Two Asia-Pacific heads of investment strategy recently departed their respective fund management firms, both of which have substantial Asian businesses.

Ngo Dong-Sinh left the post of chief strategist for emerging markets and Asia Pacific at BNP Paribas Investment Partners (BNPP IP) last month. He joined Crédit Agricole Private Banking (CAPB) this month as head of the advisory desk for Hong Kong.

In what is thought to be part of a regional reorganisation, Ngo’s predecessor, Sen Sui, has been promoted from his Hong Kong-based role of Asia head of markets and investment solutions.

Sui had managed a regional team of investment professionals based in Hong Kong. CAPB declined to comment on his new position, as it is not yet official.

He has been with CAPB since December 2005 and previously worked in the IT industry, at firms including IBM and Oracle in areas such as software design and client servicing.

Ngo’s role at BNPP IP will not be filled in its previous form, but the firm’s global balanced solutions team will determine house views on markets and asset classes. The team manages $64.1 billion in assets (as of September 30), with staff in Hong Kong, London, Amsterdam, Paris and Boston.

Alex Ng, BNPP IP's Hong Kong-based chief investment officer for Asia Pacific will continue to represent the firm’s investment views in the region, says a spokeswoman.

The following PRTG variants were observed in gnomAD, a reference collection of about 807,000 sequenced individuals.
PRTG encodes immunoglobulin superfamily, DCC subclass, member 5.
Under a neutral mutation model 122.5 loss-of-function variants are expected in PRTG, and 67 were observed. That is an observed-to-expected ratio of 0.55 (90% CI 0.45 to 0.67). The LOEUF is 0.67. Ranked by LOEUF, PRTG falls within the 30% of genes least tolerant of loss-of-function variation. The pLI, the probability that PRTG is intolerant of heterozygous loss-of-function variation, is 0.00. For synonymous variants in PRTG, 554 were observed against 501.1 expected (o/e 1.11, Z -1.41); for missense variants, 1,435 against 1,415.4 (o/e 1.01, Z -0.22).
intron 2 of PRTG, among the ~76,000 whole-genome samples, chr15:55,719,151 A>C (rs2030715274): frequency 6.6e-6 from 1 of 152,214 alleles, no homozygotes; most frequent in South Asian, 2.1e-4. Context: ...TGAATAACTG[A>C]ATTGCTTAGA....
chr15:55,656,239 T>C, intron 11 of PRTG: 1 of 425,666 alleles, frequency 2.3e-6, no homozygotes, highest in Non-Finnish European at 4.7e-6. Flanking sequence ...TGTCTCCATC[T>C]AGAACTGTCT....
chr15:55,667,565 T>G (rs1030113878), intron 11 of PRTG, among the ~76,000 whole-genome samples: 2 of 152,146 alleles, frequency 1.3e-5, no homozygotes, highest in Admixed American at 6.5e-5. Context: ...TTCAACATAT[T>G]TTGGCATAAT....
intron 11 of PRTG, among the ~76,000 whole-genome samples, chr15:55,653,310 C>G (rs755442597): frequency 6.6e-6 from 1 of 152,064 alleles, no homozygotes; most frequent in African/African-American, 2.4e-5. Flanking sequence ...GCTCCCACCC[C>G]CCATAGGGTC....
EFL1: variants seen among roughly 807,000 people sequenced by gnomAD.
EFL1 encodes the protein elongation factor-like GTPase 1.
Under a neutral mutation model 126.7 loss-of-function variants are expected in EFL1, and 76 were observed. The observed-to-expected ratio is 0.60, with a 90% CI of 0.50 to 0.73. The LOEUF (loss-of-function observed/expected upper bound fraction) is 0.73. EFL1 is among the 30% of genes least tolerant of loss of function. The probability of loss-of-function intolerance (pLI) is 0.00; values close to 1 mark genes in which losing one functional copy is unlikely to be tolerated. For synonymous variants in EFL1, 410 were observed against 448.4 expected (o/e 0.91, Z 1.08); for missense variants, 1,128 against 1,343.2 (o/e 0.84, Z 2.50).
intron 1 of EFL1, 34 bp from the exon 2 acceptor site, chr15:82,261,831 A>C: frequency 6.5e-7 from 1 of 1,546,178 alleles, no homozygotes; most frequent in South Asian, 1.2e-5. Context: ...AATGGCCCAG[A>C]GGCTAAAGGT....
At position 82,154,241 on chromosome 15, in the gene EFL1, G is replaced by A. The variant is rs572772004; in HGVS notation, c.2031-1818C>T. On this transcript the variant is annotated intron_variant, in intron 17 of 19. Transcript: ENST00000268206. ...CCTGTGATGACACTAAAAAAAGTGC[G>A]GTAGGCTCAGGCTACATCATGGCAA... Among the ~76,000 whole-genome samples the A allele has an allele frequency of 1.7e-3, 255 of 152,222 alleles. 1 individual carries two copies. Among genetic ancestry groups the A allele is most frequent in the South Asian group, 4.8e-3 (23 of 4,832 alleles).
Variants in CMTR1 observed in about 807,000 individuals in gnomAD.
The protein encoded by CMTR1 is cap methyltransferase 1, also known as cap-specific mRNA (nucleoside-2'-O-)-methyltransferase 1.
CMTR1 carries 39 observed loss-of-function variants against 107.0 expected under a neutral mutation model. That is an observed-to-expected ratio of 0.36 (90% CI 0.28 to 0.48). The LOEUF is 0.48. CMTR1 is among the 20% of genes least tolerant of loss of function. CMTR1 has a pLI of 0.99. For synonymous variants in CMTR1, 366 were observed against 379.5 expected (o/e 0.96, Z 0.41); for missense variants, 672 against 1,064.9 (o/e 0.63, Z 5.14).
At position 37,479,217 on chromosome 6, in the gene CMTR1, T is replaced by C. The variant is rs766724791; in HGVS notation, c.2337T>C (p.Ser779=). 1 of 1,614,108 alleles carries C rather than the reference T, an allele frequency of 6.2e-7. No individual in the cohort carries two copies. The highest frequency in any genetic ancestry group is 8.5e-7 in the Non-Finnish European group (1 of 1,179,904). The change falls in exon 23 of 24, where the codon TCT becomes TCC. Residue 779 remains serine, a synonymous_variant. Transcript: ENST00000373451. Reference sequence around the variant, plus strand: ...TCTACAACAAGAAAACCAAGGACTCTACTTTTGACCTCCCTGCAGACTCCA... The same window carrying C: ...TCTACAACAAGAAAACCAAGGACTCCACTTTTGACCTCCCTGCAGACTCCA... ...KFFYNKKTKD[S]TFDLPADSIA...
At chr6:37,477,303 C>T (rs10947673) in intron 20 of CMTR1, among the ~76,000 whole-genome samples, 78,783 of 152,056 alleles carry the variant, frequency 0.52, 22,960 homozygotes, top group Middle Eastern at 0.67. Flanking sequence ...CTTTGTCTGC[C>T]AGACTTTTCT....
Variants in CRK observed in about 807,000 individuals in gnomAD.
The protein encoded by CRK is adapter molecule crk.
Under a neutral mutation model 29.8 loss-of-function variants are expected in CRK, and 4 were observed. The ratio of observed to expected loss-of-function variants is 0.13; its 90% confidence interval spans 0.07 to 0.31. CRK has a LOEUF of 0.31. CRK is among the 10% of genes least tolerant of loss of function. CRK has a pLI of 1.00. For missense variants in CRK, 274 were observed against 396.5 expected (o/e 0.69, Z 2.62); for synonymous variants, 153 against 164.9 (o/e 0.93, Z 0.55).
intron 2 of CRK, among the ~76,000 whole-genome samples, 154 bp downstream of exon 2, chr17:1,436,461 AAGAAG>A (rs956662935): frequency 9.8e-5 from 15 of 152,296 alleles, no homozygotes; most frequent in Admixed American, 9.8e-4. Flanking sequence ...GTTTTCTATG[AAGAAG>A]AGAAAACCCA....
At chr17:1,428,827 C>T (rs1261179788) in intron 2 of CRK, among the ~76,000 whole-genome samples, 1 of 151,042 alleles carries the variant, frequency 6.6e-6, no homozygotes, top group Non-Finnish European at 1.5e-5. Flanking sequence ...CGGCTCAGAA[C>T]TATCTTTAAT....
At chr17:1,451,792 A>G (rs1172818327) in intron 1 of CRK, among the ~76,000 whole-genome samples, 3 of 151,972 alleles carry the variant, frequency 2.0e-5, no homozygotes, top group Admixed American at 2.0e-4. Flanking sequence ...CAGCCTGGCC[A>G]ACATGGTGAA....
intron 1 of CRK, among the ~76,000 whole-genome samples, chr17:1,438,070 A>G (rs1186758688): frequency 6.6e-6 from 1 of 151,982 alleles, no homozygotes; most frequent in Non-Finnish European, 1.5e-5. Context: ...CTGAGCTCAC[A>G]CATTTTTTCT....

Ngo had held the Hong Kong-based role for almost five years, and joined the BNP Paribas group back in 1998, holding fund management positions since that time. Before that, he had worked for UBS since 1993 in equity analyst and fund management roles.

As at September 30, BNPP IP sourced $59.9 billion of its global $645.4 billion of assets from Asia Pacific.

Meanwhile, Paul Schulte recently exited BNY Mellon Asset Management, having only joined in August in Hong Kong, in what was a newly created position as Asia-Pacific head of investment strategy. He is understood to have left to return to his native US for personal reasons.

BNY Mellon AM, which sources $49.4 billion of its $1.36 trillion in globa lAUM from Asia Pacific, is thought to be seeking a replacement for Schulte, but declined to comment.

He was responsible for researching investment trends, market activity and economics in the region and communicating opinion and analysis across the group’s boutiques.

Schulte had reported to both Alan Harden, Asia-Pacific chief executive at BNY Mellon AM, and to Jack Malvey, chief global market strategist for investment management in New York.

Before joining the US firm he was global head of financial strategy at China Construction Bank International Securities.